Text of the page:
4. Publish the stories!

I like to help students publish their stories (bound with nice covers and special binding tape) so that they can have a book to pass around and read to others. I have times when we can read aloud our stories to the rest of the class. Giving students the opportunity to share their work with others helps them take ownership in their work and motivates them to keep writing.

How NaNoWriMo Helps Kids Love Writing

Kids love to tell stories, and NaNoWriMo gives them control of the stories they tell.

My students really enjoy NaNoWriMo. This year in mid-October, a couple students were talking about the NaNo medals I gave out last year and what they had for a word count goal. So we opened up my spreadsheet from last year and talked a little about it. One of my fourth graders thought he should set his goal at 12,000 words this year. I had to smile at that—that goal is much higher than I would recommend. But last year he wrote over 6,000 words.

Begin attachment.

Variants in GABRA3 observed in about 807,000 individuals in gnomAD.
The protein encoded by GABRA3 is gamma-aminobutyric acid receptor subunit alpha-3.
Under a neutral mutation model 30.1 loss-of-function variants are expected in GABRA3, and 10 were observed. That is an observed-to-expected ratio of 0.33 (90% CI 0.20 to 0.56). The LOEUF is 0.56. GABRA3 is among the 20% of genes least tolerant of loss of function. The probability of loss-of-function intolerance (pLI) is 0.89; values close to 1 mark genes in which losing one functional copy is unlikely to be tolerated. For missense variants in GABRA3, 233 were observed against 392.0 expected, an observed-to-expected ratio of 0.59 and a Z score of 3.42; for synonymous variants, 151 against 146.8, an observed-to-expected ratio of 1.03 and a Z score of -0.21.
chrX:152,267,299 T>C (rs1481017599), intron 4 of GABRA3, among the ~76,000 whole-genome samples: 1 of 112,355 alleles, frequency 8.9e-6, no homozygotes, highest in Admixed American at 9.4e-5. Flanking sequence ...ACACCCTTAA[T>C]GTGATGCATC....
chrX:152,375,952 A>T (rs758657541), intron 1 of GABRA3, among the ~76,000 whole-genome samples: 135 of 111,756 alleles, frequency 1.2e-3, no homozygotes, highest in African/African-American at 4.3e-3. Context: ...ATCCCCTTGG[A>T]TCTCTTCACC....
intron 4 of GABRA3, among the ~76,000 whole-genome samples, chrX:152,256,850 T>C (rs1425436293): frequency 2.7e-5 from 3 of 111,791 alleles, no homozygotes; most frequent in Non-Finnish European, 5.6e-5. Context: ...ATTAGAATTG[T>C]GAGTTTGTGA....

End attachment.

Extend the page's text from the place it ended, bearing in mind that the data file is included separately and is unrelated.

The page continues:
Several students from different classrooms have already asked me if we were going to do NaNoWriMo again this year. One of my students told me that maybe in November we should take a field trip to a publisher. So I would say that they are excited about NaNoWriMo. 

I encourage writing all of the time in my classroom. Throughout the school year, we make poetry books, picture books (about dragons!), and story journals, and I mix in other special writing projects just for fun. By the end of October, my classroom really gets excited for NaNoWriMo. I love NaNoWriMo and what it can bring to the students!

Do you have experience with NaNoWriMo, either in a classroom setting or by yourself? Tell us about your experience on Facebook, Twitter, or Instagram.